Local Organizations Change Delivery of Services Amid COVID-19 Pandemic

Everything has changed.

That is a sentiment echoed across social media, along telephone wires and in person-to-person conversation (held at a responsible distance).

Stores are closed, buildings normally teeming with activity, such as the courthouse, are quiet, and doctor’s offices seem less busy, though the employees will tell you that they are as busy as ever.

And organizations that are often taken for granted as part of the structure, that makes people’s lives better and easier, have had to change how they carry out their services.

Many of these organizations fall under the umbrella of support of the Clearfield Area United Way.

Chief Professional Officer Nancy Pinto has been busy keeping in touch with both member agencies and also those who don’t necessarily receive funding from United Way, but that work with them to help portions of Clearfield County.

Pinto said they are all busy doing whatever they can, and some of the agencies provided information on what they’re doing to reach out to the community during an age of physical distancing.

One very busy agency that has had to find a new way of doing things is Catholic Charities. Nancy Mattison said: “We’re trying to stay connected with our clients and provide services.”

Staff are working at home, she said, except for herself, and they are still seeing clients via video chat.

Catholic Charities also provides counseling services and those sessions are still being held via telephone or video chat.

They are also helping families with needed supplies such as diapers, formula, baby food and so on. She said clients call and tell her what they need, and the items are put together and a time to pick them up is scheduled.

With people being laid off or even losing their jobs, Mattison said more and more need help. If you have a child, age one year or younger, call 814-371-4717.

Boy Scouts are used to regularly meeting together for activities and right now that is impossible. But that doesn’t mean there aren’t things they can do, and in fact, they’re even still working on those merit badges.

Gregg Bennett, director of the Bucktail Council, said the scouts have a web page for “Scouting at Home” https://bucktail.org/home/scoutingathome-in-the-bucktail-council/.

Bennett said they challenge all scouts to do one activity per day.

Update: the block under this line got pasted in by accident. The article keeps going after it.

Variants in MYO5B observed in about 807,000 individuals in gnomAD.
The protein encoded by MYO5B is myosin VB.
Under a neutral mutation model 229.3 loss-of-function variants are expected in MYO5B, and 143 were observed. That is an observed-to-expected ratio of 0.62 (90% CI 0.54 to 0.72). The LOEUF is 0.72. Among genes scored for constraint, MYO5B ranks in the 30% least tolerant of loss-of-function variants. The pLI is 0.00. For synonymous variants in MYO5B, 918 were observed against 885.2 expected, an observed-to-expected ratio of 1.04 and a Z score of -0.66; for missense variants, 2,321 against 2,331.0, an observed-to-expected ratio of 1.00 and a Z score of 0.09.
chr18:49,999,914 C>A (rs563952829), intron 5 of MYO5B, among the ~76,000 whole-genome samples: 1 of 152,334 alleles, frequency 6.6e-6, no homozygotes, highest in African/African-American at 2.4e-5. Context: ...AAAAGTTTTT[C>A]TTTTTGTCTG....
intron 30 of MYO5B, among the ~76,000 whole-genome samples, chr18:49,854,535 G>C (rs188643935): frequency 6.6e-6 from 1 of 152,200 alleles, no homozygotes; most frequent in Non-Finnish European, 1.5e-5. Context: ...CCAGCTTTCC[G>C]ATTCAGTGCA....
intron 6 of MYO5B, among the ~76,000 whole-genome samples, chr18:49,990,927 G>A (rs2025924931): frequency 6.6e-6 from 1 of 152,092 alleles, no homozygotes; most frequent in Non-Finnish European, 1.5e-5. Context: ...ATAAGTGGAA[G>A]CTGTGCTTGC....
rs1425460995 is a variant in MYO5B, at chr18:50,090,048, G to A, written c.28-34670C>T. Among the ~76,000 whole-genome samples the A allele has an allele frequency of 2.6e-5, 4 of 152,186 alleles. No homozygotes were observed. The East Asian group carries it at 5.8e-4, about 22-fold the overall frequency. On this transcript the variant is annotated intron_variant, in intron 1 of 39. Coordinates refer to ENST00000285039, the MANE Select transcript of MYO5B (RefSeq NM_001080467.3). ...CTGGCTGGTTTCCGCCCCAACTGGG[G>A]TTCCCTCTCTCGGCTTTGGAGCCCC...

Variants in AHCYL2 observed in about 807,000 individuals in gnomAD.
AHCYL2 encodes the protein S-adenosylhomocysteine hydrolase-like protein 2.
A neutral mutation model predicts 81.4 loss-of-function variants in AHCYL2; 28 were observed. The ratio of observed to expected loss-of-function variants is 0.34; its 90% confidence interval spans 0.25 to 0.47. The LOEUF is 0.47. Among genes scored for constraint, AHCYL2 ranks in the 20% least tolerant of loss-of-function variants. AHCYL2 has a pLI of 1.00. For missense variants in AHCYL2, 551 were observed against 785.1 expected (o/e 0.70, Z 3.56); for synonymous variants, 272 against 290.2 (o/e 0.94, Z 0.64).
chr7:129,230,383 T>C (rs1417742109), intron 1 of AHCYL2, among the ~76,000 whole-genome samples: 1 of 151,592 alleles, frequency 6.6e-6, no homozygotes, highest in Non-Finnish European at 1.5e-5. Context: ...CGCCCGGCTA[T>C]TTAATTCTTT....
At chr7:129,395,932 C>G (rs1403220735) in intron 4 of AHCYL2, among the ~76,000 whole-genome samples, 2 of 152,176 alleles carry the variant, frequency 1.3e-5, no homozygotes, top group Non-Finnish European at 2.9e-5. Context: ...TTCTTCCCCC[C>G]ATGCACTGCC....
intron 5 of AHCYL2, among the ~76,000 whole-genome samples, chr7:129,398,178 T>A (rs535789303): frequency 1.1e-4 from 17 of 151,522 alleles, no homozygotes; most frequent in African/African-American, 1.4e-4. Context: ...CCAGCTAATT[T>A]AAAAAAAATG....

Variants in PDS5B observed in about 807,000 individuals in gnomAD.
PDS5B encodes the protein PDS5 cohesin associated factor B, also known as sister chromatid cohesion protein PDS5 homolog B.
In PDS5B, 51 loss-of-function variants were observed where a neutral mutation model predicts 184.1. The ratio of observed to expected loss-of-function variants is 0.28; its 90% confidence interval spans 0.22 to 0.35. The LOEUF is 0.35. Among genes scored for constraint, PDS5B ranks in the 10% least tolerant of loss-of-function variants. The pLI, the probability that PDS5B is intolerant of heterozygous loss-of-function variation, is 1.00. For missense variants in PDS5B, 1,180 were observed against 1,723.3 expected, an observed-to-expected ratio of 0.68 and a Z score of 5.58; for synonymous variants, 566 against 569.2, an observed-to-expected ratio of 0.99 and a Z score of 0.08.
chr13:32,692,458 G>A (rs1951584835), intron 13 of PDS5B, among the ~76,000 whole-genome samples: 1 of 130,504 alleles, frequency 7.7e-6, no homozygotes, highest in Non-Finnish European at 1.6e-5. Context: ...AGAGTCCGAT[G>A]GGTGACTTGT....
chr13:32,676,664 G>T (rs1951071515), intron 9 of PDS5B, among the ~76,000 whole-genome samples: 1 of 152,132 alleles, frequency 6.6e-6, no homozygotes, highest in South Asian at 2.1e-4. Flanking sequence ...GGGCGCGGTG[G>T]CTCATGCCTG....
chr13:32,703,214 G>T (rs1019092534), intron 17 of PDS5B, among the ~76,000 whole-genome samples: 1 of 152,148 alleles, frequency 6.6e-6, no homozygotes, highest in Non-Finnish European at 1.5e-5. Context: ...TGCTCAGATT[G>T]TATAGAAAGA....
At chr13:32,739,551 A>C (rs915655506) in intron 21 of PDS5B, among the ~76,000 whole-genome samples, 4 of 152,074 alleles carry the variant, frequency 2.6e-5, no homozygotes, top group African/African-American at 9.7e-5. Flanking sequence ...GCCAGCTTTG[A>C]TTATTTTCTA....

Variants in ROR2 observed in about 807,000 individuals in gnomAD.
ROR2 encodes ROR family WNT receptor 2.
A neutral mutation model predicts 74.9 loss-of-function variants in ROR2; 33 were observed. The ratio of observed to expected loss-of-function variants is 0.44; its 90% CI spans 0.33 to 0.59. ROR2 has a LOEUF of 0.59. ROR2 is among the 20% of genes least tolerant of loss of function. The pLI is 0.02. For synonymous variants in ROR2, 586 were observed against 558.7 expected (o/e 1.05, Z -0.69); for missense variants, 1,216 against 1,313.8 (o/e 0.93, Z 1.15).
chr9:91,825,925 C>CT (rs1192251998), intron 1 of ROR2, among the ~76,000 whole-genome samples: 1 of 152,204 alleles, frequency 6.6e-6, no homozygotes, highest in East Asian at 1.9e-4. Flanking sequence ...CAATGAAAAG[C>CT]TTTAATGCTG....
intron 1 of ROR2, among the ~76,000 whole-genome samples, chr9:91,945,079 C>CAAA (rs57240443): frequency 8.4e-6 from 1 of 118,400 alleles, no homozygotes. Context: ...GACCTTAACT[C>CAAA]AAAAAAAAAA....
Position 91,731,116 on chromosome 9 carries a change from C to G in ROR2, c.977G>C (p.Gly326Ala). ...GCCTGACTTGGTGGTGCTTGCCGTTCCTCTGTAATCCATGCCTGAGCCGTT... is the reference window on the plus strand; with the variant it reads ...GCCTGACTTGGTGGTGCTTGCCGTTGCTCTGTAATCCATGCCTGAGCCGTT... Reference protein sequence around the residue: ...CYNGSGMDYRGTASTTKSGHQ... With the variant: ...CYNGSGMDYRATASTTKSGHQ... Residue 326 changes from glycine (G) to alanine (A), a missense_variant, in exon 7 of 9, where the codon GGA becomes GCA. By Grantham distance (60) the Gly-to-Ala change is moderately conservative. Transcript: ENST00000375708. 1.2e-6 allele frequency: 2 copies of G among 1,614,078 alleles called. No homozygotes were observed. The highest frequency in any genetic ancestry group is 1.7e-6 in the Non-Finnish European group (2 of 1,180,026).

Merit Badges include journalism, gardening, aviation and more, and the scouts can meet virtually through the council’s Facebook page and #ScoutingAtHome.

Bennett said they have had a good response and within an hour of sending out the e-mail announcing the program, there were 76 visits to the Web site.

Scouts should also be aware of the National Camp-In on May 2 where scouts are encouraged to camp in their back yards or in their living rooms and participate in the activities they will find online for that weekend.

Children’s Aid Society’s most noticeable service to the community is their daycare and Pre-K Counts programs; however, those have been put on hold for the time being. Staff are working either from home or at the offices on varying schedules.

Bonnie Floro, executive director, said that teachers for Pre-K Counts have been connecting with the families of their students online and they have been distributing backpacks filled with activities.

And they are looking forward to the next school year and accepting applications for 2020-21.

Of course, a shutdown doesn’t mean that children in foster care no longer have needs.

Floro said their adoption and foster care services are still operating as usual with some minor changes in communication and monitoring, moving to a virtual setting whenever possible. She said the support group will meet in May online as well.

Other groups meeting in the virtual world include parenting programs such as Nurturing, the Triple P –Positive Parenting Program and Parents as Teachers and they are welcoming new members.

The Real Relationships programs are on hold, but Floro said they are looking for a way to meet virtually and more information will be forthcoming.

Anyone interested in services can contact the main office at 814-765-2686 or the Child Care Center at 814-765-2685 and more information can be found at the Web site www.childaid.org and facebook.com/childaid.org.

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